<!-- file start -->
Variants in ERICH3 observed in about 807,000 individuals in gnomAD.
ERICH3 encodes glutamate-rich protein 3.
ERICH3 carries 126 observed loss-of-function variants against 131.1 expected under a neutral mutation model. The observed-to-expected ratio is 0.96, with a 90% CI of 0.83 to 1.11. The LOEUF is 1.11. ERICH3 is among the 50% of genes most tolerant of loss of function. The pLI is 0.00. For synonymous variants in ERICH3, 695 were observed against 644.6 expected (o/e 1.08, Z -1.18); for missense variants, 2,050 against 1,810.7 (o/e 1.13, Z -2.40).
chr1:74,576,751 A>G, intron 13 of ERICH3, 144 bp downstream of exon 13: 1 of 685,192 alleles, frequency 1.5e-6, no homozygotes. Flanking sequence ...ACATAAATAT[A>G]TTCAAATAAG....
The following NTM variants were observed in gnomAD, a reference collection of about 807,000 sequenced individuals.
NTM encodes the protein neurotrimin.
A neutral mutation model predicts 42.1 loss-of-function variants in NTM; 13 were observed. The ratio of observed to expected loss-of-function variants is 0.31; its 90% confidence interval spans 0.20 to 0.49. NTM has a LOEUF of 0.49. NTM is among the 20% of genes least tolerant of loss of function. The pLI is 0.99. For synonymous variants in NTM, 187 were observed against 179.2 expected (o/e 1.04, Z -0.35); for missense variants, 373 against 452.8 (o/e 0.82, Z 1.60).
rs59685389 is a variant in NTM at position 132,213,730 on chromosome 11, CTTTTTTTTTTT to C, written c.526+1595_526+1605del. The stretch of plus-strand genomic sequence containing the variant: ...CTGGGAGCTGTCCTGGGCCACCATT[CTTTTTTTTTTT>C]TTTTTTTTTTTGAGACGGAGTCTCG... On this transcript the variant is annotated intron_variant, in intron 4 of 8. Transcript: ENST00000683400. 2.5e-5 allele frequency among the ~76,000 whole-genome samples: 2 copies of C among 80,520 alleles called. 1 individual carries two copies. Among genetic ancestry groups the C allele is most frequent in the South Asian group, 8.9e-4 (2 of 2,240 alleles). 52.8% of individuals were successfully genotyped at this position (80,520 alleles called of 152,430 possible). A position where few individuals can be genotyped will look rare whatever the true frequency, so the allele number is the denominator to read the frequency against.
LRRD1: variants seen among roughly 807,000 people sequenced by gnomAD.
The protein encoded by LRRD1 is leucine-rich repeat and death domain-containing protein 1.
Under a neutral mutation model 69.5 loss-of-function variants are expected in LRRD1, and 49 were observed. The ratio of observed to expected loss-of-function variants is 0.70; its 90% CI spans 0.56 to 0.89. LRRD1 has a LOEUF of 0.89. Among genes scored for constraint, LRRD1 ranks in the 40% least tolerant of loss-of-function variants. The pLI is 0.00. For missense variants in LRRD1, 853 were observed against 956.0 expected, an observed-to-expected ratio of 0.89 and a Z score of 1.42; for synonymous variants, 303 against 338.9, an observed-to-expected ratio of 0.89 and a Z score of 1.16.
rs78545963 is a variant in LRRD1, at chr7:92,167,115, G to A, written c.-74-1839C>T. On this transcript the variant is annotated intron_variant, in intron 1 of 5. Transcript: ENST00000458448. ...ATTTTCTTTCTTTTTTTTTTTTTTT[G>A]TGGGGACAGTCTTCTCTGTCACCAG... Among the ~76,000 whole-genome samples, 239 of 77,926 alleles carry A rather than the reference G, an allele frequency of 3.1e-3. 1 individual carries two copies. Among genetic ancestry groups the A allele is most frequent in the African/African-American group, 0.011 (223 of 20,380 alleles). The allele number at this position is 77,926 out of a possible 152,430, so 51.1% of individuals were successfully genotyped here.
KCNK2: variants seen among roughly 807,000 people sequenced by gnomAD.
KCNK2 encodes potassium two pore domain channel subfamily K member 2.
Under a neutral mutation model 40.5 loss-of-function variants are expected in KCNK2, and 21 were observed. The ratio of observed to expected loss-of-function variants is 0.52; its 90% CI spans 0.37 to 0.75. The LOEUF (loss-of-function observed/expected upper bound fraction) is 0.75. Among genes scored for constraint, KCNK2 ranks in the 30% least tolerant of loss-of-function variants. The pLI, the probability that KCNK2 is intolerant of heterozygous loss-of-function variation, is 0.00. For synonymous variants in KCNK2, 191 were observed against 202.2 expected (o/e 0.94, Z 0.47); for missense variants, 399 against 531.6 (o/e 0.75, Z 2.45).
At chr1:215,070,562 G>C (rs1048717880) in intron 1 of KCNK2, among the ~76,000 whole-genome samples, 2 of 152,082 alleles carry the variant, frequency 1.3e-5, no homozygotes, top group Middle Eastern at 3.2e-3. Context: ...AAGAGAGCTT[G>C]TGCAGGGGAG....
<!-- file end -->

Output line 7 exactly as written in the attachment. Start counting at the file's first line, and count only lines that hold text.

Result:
A neutral mutation model predicts 42.1 loss-of-function variants in NTM; 13 were observed. The ratio of observed to expected loss-of-function variants is 0.31; its 90% confidence interval spans 0.20 to 0.49. NTM has a LOEUF of 0.49. NTM is among the 20% of genes least tolerant of loss of function. The pLI is 0.99. For synonymous variants in NTM, 187 were observed against 179.2 expected (o/e 1.04, Z -0.35); for missense variants, 373 against 452.8 (o/e 0.82, Z 1.60).